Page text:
The New Oldest Tugboat Man in Baltimore
“When I was young, the old-timers told me they wouldn’t hire a cook on the boat unless they had a big belly…”Harold W. Thompson, Oldtimer
At age 96, Harold “Captain Doc” Thompson reigns as the oldest tugboat man in Baltimore. He assumed the title this past February with the death of 99-year-old engineer Bill Bobac. Each had curious paths to the waterfront (Thompson with Curtis Bay Towing, Bobac at Baker-Whiteley), nearly impossible in today’s heavily regulated maritime industry.
Bobac originally ran a Pratt Street bar where men from the tugs cashed their checks. Noticing that the mariners made a penny somewhat prettier than his own, he had one of his regulars put in a word for him and was hired by the Arundel Company as a wiper in the engine room. Once on the job, when asked why he didn’t know a fuel line from a feed pump, Bobac replied: “I’m a bartender.” The engineer just shook his head and Bobac learned quickly enough all he needed to know to work the waterfront for years to come.
A fishing pole led Thompson to a long career on the Chesapeake Bay. The son of a tenant farmer who raised wheat, corn and cattle on land across from the old Milton Inn in Sparks (once an 18th-century stagecoach stop), Thompson was fishing at a limestone pond one day during World War II when a nearby angler said he worked on tugs in the city. “He asked if I wanted to take a ride and I went that Sunday,” said Thompson. “I was working [another job] in Curtis Bay so the next day I went down to the pier to talk to the [tugboat] personnel manager. He said, ‘Boy, you’re too young. Get the hell out of here.’ ”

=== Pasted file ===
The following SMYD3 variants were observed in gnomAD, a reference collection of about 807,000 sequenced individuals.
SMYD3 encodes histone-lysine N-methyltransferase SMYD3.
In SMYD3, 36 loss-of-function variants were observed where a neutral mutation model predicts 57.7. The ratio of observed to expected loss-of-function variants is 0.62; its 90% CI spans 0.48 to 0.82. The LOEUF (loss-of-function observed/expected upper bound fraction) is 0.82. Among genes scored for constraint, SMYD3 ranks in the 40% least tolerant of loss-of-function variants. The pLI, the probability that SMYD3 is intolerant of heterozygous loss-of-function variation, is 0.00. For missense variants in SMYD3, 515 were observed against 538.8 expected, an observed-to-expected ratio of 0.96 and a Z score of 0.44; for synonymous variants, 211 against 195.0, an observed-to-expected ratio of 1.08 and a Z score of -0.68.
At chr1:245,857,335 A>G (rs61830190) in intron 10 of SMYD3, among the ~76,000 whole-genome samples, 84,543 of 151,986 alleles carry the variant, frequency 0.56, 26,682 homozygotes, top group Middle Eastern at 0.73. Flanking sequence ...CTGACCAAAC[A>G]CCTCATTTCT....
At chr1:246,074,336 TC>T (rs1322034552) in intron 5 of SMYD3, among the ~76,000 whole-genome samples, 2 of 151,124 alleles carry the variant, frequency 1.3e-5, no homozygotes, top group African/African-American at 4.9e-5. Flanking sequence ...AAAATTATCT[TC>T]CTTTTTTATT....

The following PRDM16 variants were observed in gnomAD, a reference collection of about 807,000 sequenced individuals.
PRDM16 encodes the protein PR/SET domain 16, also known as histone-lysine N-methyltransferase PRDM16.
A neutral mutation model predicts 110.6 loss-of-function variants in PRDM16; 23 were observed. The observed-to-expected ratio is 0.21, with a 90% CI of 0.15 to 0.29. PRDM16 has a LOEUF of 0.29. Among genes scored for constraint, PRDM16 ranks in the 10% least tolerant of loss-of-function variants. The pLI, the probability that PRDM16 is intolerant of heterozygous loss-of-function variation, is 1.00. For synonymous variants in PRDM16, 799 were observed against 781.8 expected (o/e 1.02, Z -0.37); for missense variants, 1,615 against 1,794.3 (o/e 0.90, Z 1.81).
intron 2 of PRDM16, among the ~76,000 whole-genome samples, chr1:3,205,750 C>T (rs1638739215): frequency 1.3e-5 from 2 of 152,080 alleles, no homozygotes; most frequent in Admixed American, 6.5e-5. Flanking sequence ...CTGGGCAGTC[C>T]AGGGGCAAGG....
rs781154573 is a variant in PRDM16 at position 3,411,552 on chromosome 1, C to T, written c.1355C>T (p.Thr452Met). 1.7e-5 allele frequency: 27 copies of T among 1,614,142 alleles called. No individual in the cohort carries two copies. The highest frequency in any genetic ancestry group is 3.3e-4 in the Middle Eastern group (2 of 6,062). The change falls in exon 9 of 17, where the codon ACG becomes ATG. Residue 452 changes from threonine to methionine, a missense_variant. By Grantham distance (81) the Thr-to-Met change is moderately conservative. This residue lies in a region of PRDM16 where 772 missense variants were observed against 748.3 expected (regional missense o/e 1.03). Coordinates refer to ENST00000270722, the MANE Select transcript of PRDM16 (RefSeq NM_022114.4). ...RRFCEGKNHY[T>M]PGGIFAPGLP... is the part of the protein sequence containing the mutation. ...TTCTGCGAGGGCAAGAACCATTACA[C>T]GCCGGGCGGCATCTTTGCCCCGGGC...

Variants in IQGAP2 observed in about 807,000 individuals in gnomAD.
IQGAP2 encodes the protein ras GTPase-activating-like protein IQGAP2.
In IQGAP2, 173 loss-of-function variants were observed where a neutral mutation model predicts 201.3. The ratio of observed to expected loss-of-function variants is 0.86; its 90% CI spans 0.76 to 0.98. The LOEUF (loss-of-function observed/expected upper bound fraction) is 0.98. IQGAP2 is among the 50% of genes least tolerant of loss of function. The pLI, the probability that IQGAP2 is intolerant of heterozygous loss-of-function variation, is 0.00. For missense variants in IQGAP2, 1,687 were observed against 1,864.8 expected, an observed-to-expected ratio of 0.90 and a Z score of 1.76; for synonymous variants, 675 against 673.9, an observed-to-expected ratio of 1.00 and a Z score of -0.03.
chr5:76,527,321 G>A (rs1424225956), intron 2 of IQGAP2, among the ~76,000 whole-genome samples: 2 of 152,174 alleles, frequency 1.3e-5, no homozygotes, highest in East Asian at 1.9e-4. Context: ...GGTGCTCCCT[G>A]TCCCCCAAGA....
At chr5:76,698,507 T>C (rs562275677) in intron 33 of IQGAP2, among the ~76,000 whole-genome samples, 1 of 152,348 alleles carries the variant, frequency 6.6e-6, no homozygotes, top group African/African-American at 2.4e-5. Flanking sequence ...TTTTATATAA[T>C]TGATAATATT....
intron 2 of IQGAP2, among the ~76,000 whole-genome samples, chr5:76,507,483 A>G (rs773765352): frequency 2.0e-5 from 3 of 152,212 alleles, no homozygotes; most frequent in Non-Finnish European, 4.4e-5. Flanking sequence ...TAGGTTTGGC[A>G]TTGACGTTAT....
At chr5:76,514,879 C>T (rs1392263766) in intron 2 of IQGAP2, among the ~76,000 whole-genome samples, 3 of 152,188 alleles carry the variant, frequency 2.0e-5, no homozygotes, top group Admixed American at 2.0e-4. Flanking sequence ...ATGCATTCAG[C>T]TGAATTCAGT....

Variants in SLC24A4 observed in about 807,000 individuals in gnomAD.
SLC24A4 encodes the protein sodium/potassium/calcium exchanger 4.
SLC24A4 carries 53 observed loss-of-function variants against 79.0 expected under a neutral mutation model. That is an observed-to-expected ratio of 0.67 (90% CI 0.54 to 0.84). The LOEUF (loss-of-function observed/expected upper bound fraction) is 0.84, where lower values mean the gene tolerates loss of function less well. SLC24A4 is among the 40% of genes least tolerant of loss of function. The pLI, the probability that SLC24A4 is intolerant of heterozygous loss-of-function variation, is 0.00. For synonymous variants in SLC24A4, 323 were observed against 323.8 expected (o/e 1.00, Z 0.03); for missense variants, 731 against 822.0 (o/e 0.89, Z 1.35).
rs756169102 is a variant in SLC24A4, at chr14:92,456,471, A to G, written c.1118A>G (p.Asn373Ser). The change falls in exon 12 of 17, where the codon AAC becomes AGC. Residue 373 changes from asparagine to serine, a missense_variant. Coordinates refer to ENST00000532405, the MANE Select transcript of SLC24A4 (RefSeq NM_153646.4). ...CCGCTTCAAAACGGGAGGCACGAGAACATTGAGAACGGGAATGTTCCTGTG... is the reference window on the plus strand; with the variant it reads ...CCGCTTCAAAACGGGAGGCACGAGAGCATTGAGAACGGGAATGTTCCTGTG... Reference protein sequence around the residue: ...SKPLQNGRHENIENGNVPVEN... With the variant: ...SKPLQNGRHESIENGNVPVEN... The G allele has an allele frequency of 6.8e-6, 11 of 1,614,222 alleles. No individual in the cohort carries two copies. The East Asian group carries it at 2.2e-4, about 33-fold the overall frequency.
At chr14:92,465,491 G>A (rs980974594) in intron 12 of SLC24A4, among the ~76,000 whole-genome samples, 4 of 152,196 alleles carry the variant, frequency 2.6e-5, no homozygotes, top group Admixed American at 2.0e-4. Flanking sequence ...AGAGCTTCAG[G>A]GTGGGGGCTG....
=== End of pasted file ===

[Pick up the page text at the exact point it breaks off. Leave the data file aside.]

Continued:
But then the man paused for a moment. It was the Memorial Day holiday, 1943—a good year before the storming of Normandy—and most able-bodied men were in the service. “They were short-handed and the guy said he’d take me on for one day.”
One day turned out to be more than a half-century with Curtis Bay Towing Company as the farm boy worked his way up to captain over the course of a long and respected career. By the time Thompson’s son Sam came along in the 1980s with a yearning for the life of a boatman, everything had changed.
“When I talked to the boss, they said they’d hire me but I’d have to go to school for a couple of years,” said Sam, now 61, a retired heavy equipment mechanic. “I said, ‘You don’t understand, I know this. I grew up with this. I don’t need school, I need a job.’” Management didn’t agree and the missed opportunity is one of the younger Thompson’s biggest regrets.
The master of the tug Cape Romaine when he retired in 1987, Harold Thompson experienced just about everything one can encounter on the Bay, including a few worthy of Ahab. “Did I tell you the whale story?” he asks as we sit in a lobby at the Masonic Home in Cockeysville where Thompson is not—by a longshot—the oldest resident. Not only is he six years behind a woman of 102, she still takes the stairs and regularly beats the old seafarer at gin rummy and pinochle.
All kinds of vessels have come and gone from the Port of Baltimore since Fell’s Point was settled in 1670, from L. Ron Hubbard’s four-masted schooner the Doris Hamlin to friendly warships representing countries around the world. But few have arrived with a leviathan on their bow. Thompson encountered the marvel twice.